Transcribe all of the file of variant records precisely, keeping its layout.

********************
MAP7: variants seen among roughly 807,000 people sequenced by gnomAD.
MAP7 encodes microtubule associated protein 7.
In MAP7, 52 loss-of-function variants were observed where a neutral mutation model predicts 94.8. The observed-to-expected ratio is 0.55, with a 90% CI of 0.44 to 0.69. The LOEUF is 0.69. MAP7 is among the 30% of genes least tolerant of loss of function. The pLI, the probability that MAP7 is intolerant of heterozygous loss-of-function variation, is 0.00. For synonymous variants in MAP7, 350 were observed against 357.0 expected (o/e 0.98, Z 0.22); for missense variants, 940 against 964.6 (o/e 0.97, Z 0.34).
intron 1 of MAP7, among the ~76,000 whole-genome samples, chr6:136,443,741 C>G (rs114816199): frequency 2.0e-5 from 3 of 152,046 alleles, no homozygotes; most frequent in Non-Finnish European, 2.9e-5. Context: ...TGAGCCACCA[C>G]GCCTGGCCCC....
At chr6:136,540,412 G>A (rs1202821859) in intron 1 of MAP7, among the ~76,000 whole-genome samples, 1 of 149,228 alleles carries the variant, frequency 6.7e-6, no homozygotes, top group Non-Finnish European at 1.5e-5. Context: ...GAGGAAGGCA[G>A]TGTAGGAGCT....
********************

MAP7: variants seen among roughly 807,000 people sequenced by gnomAD.
MAP7 encodes microtubule associated protein 7.
In MAP7, 52 loss-of-function variants were observed where a neutral mutation model predicts 94.8. The observed-to-expected ratio is 0.55, with a 90% CI of 0.44 to 0.69. The LOEUF is 0.69. MAP7 is among the 30% of genes least tolerant of loss of function. The pLI, the probability that MAP7 is intolerant of heterozygous loss-of-function variation, is 0.00. For synonymous variants in MAP7, 350 were observed against 357.0 expected (o/e 0.98, Z 0.22); for missense variants, 940 against 964.6 (o/e 0.97, Z 0.34).
intron 1 of MAP7, among the ~76,000 whole-genome samples, chr6:136,443,741 C>G (rs114816199): frequency 2.0e-5 from 3 of 152,046 alleles, no homozygotes; most frequent in Non-Finnish European, 2.9e-5. Context: ...TGAGCCACCA[C>G]GCCTGGCCCC....
At chr6:136,540,412 G>A (rs1202821859) in intron 1 of MAP7, among the ~76,000 whole-genome samples, 1 of 149,228 alleles carries the variant, frequency 6.7e-6, no homozygotes, top group Non-Finnish European at 1.5e-5. Context: ...GAGGAAGGCA[G>A]TGTAGGAGCT....